I hosted some friends for brunch this past weekend, and as often happens, our guests were pleasantly distracted by a large-scale bulletin board by our kitchen table that I’ve filled, corner to corner, with photographs.
I put up this board when we moved in to our new house and was determined to fill it quickly— so I started to dig up old photos of my parents, family trips, historical moments in our lives, and tons of pictures of the kids and their relatives, from birth to the present. I had a sneaking suspicion it would be a fun conversation starter at mealtime: We’re often wrapping up dinner when someone will glance over at the board and reminisce about our first ski trip, or ask me why I chose to straighten my bangs in high school (I have no answer for that).
(this is just a small part of it— it’s huge!)
I had no idea, however, that it would also elicit a sense of nostalgia in many of our grown-up friends who had forgotten what it was like to print photos. It seems that these days, when taking a picture is as easy as saying, “Selfie…”, it has become far tougher to enjoy pictures. Digital Photography has become more of a headache than anything else: Where to store them, how to organize them, and how to safely back them up so you’re not one stolen laptop away from losing them all— these are the tribulations that have made taking pictures a lot less fun than it used to be.
So when my husband brought home an Instax Share printer one day, I was smitten. It’s a tiny printer, smaller than a paperback, that wirelessly connects to your phone, and prints your smartphone photos onto instant film (mini polaroids)… right before your eyes.
Now, in the digital world, this might seem yawn-worthy— but it has become a party trick we do for friends and it’s a hit every time. The thowback-ness of it just delights people, and seeing all the Instant film on the board with all the other printed pictures is just too fun.
There are a crop of different companies trying to bring back the Instant film camera, which still feels magical after all these years. [highlight] I’ve decided that this blend of digital and old school is making photography fun again. [/highlight]
The Impossible Project
The Impossible Project started as the last Polaroid production plant in Germany was closing it’s doors— photography enthusiasts refused to let the medium die, and began to do what Polaroid, sadly, could not— bring Instant photography into the digital age. They’ve put their twist on instant film by offering Gold or Silver frames, as well as color and black and white prints, in slick packaging. By painstakingly refurbishing old polaroid cameras, and catering to die-hard Polaroid enthusiasts, they’ve kept the art alive and are introducing it to a whole new generation of artists. But their star product is the Impossible Instant Lab: An analog photographic that (stay with me) exposes the image on your smartphone’s screen to instant film— like a traditional dark room. It’s like an analog camera for your smartphone camera. Brilliant effects ensue.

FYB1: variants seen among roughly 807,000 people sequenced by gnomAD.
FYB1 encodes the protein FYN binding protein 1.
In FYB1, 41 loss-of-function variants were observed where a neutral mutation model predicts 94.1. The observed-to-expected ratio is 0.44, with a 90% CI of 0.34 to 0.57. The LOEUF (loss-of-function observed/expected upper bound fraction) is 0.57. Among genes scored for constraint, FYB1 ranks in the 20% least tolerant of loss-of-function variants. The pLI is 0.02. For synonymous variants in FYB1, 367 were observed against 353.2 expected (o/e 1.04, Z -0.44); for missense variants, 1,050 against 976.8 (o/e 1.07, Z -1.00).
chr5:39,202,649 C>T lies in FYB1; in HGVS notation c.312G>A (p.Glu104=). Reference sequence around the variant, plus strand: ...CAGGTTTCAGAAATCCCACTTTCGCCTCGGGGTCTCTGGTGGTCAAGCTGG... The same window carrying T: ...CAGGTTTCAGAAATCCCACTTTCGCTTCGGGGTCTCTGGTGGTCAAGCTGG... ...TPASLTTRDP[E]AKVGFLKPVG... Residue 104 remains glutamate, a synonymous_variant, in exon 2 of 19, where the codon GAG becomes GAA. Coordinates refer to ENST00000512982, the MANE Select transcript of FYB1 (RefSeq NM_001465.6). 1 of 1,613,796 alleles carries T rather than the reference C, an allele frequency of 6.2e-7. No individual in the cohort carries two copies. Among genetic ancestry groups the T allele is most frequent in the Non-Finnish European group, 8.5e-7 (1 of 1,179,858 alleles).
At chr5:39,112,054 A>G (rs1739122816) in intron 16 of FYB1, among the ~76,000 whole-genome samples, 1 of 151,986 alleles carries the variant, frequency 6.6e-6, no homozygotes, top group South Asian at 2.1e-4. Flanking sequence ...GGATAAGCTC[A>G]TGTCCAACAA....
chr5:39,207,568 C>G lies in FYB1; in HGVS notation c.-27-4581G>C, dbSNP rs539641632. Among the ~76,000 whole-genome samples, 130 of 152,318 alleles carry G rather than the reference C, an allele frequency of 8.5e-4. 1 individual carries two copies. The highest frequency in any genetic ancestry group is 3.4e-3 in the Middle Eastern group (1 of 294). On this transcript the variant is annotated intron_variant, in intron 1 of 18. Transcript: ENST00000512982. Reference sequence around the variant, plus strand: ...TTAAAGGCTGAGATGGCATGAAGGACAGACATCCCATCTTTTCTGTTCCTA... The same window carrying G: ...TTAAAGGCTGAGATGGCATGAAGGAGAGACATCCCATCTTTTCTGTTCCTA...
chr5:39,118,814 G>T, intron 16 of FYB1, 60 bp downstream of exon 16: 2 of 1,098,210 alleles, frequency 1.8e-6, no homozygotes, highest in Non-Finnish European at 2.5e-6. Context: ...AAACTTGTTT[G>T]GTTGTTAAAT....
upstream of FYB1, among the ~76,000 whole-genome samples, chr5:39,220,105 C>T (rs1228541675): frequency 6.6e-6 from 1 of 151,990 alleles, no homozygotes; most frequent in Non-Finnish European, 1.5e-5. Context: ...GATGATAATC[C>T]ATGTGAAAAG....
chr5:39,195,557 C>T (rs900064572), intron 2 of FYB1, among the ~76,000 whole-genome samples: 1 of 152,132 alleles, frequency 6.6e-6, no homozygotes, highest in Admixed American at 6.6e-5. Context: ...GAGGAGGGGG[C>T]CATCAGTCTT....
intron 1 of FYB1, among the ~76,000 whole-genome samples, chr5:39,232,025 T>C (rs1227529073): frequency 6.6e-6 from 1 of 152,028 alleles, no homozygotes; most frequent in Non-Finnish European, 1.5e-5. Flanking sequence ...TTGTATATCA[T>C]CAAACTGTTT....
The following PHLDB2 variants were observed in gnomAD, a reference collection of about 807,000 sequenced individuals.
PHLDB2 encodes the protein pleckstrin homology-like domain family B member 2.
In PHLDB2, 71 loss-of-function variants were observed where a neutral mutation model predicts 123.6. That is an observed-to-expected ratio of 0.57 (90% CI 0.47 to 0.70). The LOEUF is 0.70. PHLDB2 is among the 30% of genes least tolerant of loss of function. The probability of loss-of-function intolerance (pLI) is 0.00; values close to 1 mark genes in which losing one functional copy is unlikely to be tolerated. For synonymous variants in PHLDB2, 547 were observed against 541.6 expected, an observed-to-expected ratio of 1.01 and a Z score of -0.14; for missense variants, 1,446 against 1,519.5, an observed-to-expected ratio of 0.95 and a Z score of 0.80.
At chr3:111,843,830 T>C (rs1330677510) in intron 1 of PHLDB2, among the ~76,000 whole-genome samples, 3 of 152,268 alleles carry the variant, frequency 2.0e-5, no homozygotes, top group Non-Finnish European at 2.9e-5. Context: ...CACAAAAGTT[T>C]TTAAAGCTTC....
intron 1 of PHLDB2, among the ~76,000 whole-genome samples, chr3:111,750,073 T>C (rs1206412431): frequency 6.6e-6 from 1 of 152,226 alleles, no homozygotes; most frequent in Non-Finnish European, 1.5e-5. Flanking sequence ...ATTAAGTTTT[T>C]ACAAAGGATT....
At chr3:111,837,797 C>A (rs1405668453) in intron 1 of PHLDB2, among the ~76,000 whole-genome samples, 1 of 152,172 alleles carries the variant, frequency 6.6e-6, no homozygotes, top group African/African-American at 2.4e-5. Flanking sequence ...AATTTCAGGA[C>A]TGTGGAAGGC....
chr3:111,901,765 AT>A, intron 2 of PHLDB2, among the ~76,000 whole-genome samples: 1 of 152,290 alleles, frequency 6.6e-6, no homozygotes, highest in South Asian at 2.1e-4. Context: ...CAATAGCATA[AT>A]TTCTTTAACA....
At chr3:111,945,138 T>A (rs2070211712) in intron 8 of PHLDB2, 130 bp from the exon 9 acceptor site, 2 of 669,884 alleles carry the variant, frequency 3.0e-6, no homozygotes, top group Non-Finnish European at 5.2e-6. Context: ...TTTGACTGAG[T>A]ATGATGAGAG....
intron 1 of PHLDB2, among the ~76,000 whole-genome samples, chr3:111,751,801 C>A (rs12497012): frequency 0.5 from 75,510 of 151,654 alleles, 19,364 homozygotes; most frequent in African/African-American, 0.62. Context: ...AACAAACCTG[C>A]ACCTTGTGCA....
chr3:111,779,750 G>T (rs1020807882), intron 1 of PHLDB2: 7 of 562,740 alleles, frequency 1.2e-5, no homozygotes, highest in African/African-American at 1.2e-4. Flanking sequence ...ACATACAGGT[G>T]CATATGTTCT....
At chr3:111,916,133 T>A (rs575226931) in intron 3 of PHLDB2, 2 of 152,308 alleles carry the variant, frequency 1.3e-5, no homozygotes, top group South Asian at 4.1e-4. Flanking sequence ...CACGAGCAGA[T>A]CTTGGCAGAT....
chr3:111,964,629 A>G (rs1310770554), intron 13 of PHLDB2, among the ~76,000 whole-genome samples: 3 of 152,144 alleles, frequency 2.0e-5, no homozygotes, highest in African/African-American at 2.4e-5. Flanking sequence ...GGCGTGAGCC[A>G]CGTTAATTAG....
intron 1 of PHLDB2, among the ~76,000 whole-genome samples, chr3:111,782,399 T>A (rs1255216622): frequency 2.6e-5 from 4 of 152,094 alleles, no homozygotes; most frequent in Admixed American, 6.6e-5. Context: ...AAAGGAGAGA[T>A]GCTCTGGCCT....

Polaroid, the camera company is no more. The Polaroid name, however, lives on as a brand licensor to companies that make consumer electronics and eyewear. Confused yet? Short story— Polaroid leant it’s name to the VERY cool Socialmatic, which looks like an Instagram app logo that spits out instant film. It’s got those great retro stripes, and is likely to spark conversations wherever you go. This camera has a few more bells and whistles than the rest of the bunch, with both a front (14MP) and rear (2MP) camera, a touch screen, and the ability to share photos using Wifi. It runs Android, so it’s kind of like a little tablet… with a price tag to match.
Instax Cameras by Fujifilm
Aside from offering the wireless printer, Instax makes a range of instant cameras that use Instax mini instant film, as well as some that use a slightly larger, wide format film. The Instax Mini 8 (pictured above) comes in a range of fun colors and looks like a japanese animé character, and the Instax Mini 90 is retro-handsome in saddle brown or black.
If you love analog photography and want to have some fun with your pictures, you’ve probably heard about the intentionally-low-tech Lomography cameras. Long before Instagram filters, Lomography cameras offered blurred edges, tinted exposures, fisheye lenses, and other fun effects, all made by the camera, not an app. With Lomo’Instant, they’re mashing up their quirky cameras and lenses with the immediate gratification of instant film.
What do you think? Do you miss Instant Film? Do you have any of these cameras? Wanna hear from you.